Nexen Energy ULC will lay off 350 people by year's end as the upgrader at its troubled Long Lake oil sands site will remain out of service, perhaps permanently, following the explosion at the facility early this year that killed two workers.
After a string of setbacks, the CNOOC Ltd.-controlled oil and gas company must make decisions about the future of the upgrader in an uncertain crude market. In the interim, Nexen will struggle alongside other oil sands firms to make the economics work for producing high-cost bitumen in a global price rout.
With the upgrader in a dormant mode, Long Lake will narrow its focus to producing limited amounts of crude – as a steam-assisted gravity drainage (SAGD) operation only.
"The reality is that in the economic environment that we're in right now, SAGD production is not making much money," Ron Bailey, Nexen's senior vice-president of Canadian operations, said on Tuesday.
Designed to produce 72,000 barrels of bitumen a day, the integrated SAGD and upgrading Long Lake site has suffered operational issues since its startup in 2008. However, the past 12 months have been a particularly painful spell.
The annus horribilis includes a massive pipeline rupture on July 15, 2015, that spilled more than 31,000 barrels of bitumen, water and sand onto the ground, and the deadly explosion in January.
Mr. Bailey said that following an investigation, they believe the Jan. 15 explosion at the hydrocracker, a part of the upgrader, was the fault of the two Nexen employees who died – the only two people in the building – as they were performing work outside the scope of approved activities. Further details were not released and the incident is still being probed by provincial workplace investigators.
Still, Mr. Bailey said the incident "highlights gaps in our safety culture and we are taking steps to reinvigorate our focus on safety through training, education and increased oversight."
Nexen said a short-term repair to the upgrader is not feasible. The company will revisit the issue in the last quarter of this year and decide whether it's worth investing in the upgrader so it can produce a different set of products, operating it as it was, or shutting it down completely.
It's not the low oil price, but the potential future discount on Canadian heavy oil – commonly referred to as the differential – that is driving the question, Mr. Bailey said.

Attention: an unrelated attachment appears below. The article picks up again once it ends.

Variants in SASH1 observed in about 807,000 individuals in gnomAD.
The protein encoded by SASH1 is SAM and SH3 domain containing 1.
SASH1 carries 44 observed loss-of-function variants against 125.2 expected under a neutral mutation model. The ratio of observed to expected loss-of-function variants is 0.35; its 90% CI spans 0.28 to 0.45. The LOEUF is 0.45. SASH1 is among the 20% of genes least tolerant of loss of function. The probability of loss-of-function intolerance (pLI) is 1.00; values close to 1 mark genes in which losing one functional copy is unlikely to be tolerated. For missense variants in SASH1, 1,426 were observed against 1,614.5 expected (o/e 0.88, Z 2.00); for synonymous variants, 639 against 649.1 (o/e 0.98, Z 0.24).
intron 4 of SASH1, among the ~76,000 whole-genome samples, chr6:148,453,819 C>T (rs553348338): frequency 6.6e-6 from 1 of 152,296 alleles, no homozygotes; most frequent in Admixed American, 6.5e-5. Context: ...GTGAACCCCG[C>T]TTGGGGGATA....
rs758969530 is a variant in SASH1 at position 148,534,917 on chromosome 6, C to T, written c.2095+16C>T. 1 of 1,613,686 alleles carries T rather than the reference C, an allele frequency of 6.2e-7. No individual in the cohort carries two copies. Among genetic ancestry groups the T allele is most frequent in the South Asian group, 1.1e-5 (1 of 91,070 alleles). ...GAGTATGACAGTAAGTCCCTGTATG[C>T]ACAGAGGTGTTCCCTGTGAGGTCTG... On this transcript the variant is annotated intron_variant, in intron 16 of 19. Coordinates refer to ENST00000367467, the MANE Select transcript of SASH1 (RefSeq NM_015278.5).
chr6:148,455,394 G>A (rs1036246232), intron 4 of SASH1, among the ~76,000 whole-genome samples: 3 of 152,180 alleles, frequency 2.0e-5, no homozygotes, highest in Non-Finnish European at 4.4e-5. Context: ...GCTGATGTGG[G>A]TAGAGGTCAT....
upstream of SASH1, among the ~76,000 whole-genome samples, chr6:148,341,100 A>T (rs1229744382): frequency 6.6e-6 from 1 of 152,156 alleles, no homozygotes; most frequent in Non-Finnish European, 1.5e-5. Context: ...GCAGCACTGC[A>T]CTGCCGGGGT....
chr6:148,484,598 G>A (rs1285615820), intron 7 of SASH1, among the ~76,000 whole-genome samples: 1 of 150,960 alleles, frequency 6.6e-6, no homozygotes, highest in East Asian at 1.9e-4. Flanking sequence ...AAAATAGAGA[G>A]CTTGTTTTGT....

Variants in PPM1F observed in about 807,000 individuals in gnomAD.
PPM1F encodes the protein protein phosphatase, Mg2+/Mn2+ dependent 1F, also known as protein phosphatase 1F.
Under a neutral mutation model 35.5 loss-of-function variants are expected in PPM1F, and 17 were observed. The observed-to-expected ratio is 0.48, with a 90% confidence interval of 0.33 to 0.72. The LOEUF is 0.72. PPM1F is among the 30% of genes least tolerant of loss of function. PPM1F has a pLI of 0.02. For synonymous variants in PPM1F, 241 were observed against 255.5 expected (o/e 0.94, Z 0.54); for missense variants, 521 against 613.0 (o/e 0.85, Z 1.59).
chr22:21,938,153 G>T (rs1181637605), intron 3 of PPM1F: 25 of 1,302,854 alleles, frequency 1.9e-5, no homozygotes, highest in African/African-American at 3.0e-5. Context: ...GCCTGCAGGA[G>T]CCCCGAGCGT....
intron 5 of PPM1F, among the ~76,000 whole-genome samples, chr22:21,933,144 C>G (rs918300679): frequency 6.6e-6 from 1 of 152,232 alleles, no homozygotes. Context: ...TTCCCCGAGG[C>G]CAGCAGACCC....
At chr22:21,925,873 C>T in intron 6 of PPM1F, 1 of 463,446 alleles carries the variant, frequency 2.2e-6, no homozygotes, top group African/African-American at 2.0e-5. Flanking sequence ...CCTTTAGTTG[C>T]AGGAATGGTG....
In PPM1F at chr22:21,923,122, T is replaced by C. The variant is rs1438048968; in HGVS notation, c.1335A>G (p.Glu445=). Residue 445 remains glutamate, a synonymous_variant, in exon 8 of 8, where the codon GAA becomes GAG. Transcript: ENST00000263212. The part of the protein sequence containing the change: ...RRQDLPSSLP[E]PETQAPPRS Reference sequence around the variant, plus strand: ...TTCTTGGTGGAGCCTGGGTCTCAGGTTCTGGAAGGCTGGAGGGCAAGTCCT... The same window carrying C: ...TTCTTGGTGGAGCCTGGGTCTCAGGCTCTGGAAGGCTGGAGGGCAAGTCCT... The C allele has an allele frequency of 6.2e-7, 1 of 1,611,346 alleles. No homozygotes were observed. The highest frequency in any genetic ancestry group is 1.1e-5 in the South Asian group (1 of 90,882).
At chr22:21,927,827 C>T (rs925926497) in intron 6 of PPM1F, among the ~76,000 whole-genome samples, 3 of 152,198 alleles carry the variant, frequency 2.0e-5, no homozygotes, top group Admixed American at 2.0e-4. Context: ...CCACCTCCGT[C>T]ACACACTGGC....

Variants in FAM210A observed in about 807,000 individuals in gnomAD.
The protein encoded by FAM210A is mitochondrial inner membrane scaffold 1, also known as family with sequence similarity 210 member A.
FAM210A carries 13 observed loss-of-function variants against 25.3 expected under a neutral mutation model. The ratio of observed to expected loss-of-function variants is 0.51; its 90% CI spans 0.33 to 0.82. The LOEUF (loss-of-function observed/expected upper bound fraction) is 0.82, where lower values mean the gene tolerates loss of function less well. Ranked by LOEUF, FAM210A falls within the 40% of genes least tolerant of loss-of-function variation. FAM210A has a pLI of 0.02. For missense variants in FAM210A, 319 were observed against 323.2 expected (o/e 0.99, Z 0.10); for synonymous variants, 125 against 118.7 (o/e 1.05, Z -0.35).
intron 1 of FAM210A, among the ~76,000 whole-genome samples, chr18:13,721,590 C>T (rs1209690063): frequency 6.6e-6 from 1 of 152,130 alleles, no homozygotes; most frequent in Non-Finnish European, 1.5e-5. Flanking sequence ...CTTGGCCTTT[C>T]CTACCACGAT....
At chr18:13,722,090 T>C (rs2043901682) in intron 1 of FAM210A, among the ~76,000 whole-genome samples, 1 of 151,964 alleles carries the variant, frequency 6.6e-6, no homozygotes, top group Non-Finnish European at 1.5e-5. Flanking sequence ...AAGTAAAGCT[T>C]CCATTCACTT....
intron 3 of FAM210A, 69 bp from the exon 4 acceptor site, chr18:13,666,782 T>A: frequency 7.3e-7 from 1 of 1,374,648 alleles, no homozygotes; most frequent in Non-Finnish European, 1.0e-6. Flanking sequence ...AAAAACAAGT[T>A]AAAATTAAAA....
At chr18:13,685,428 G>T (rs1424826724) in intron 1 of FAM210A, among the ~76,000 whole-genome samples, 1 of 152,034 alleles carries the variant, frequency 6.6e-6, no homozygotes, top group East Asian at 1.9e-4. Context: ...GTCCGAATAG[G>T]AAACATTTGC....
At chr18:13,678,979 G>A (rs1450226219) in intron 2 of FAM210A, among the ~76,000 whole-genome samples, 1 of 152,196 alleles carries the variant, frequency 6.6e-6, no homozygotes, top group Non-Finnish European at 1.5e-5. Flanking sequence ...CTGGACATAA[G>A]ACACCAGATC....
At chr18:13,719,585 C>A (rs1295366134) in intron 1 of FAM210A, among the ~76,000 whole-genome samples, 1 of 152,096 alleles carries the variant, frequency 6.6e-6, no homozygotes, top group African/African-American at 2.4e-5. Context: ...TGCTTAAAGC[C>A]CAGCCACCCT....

He said the company's investigation into the pipeline leak found the project design was incompatible with the muskeggy ground conditions, and the rupture went undetected for more than a month because of major shortcomings in the leak-detection system. Mr. Bailey cited the failings of the pipeline work done by contractors and subcontractors, without disclosing names, and said the pipeline technology was new to land use and had usually been used offshore previously.
A number of improvements have been implemented, he said.
And while many oil sands operators avoided the full brunt of the wildfires in the Fort McMurray region in May, the blaze passed right through Nexen's Long Lake facility. The fire forced an evacuation and a complete shutdown of operations. The actual oil sands operations were relatively unscathed, but a 150-person modular work camp was destroyed, Mr. Bailey said.
Nexen said that following a total shutdown owing to the fire, SAGD production of 15,000 barrels of bitumen a day started again in late June. Production is set to increase over the next month to about 27,000 barrels a day – compared with 40,000 to 50,000 b/d before the January explosion.
Nexen was purchased by CNOOC for $15-billion in early 2013, with Long Lake being the centrepiece of the sale. The deal, which set off a national debate about foreign state-controlled firms holding majority stakes in oil sands operations and pushed the federal government to create new rules around foreign ownership, included assets in the North Sea, the Gulf of Mexico and Africa.
On Tuesday, Nexen chief executive officer Fang Zhi expressed his sympathies to the families of the men who died in the explosion in January and apologized for the damage to the environment from the pipeline leak.
He also said the Chinese state-run energy giant remains committed to its Long Lake investment.
"Oil sands are long-term assets that need careful cultivation," he said.
The layoffs will be focused in the company's Canadian operations, both at the Long Lake site and at corporate headquarters in Calgary, Mr. Fang added.